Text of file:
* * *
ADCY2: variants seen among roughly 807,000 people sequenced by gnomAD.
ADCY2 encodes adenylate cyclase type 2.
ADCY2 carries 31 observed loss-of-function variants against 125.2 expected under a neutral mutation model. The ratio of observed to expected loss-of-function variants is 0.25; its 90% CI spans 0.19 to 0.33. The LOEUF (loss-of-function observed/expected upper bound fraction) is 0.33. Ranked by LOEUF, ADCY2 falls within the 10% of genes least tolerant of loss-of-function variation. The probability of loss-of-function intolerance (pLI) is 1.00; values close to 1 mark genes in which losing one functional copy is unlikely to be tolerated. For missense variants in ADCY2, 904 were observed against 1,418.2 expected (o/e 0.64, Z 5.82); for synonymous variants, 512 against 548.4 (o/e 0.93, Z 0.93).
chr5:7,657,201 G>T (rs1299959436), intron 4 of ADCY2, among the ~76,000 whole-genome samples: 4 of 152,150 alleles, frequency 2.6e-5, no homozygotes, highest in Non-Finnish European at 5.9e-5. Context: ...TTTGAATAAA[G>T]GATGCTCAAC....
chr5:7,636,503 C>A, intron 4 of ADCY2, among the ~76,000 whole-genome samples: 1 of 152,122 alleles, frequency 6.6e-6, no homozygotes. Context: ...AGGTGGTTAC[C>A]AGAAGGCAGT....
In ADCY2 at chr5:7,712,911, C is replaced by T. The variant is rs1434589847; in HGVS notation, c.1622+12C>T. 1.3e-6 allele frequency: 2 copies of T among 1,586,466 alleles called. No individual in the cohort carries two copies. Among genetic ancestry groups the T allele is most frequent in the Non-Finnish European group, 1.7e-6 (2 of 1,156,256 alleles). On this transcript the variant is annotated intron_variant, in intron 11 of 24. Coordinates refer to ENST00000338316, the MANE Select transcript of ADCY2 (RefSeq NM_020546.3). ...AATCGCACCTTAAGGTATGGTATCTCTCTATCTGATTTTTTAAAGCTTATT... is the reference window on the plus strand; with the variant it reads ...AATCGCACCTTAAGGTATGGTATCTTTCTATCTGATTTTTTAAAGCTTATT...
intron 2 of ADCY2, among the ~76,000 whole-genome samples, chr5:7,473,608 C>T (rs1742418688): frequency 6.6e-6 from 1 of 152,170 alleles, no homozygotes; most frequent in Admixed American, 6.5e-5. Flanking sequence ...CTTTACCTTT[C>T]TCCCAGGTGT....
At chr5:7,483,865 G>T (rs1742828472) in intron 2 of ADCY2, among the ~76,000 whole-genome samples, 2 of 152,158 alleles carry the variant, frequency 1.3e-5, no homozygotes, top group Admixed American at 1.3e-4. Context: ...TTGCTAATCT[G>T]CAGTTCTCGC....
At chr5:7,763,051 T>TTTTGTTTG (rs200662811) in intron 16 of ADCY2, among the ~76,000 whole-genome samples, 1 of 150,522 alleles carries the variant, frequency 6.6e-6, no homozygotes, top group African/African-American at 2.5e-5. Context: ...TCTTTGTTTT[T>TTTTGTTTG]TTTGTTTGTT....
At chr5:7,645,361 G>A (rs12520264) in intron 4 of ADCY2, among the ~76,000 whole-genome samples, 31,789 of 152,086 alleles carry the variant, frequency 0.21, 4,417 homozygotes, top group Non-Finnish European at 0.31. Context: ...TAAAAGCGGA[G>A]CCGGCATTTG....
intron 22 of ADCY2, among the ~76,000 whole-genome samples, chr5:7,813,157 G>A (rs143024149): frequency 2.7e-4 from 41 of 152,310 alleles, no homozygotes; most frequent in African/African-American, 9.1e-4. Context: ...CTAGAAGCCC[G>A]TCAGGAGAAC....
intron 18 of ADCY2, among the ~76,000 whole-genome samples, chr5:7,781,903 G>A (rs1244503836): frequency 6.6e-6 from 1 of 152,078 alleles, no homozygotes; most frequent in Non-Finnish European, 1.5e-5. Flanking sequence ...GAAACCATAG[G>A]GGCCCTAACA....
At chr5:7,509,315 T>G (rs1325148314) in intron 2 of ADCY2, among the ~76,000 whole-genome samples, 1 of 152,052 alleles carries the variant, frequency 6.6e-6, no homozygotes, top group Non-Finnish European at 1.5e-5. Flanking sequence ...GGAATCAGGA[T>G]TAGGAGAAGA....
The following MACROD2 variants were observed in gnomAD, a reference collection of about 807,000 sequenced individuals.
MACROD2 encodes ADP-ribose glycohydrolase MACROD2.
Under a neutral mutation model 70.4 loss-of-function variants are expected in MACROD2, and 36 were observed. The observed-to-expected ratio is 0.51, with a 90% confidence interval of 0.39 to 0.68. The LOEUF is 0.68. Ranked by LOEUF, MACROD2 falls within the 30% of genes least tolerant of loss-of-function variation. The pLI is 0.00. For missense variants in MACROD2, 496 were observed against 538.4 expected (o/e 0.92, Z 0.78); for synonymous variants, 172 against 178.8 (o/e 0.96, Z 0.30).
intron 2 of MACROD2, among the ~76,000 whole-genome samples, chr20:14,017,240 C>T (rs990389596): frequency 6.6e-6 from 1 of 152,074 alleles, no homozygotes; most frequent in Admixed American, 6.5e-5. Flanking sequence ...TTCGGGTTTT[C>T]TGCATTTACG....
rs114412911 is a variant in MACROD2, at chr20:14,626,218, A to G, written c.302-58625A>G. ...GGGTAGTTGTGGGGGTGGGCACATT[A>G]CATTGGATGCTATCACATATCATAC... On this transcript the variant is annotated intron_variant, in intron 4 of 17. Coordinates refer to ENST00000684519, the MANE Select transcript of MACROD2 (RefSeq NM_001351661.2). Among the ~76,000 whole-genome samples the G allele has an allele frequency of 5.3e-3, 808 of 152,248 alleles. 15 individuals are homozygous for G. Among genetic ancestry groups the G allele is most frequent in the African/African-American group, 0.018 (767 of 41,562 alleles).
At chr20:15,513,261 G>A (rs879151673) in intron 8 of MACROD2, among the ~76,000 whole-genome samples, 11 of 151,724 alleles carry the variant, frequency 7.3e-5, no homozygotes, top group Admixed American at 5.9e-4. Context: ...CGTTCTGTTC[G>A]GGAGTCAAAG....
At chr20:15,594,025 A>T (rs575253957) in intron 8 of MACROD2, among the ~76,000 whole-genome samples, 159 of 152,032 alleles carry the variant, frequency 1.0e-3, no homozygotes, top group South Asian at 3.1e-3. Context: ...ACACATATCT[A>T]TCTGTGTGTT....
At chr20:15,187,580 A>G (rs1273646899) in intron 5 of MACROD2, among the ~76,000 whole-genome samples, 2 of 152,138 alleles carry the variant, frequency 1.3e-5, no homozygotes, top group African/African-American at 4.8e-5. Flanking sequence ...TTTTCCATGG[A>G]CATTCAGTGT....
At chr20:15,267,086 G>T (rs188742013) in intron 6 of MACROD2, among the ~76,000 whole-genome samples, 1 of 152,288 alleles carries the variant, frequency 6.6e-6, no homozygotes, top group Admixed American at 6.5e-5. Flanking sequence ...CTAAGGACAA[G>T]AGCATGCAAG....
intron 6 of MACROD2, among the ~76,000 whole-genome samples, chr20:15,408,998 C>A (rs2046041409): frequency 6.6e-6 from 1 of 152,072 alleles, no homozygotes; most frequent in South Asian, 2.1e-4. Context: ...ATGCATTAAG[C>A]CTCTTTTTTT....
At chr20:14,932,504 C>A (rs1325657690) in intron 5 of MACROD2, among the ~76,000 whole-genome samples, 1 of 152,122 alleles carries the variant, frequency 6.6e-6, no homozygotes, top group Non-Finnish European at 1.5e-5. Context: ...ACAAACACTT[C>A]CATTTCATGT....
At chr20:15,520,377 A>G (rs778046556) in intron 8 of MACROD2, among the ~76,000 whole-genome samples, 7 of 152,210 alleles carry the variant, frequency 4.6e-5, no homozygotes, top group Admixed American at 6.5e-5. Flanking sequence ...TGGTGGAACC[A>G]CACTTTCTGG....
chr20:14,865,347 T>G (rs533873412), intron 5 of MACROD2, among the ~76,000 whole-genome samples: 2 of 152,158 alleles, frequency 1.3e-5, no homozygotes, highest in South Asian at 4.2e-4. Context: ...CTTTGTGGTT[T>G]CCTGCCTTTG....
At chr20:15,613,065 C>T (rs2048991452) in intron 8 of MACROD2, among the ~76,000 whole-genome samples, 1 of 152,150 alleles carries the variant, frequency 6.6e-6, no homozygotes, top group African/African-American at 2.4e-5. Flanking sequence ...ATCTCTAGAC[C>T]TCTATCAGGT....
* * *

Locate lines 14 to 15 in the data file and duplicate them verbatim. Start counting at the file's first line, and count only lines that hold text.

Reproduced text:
The following MACROD2 variants were observed in gnomAD, a reference collection of about 807,000 sequenced individuals.
MACROD2 encodes ADP-ribose glycohydrolase MACROD2.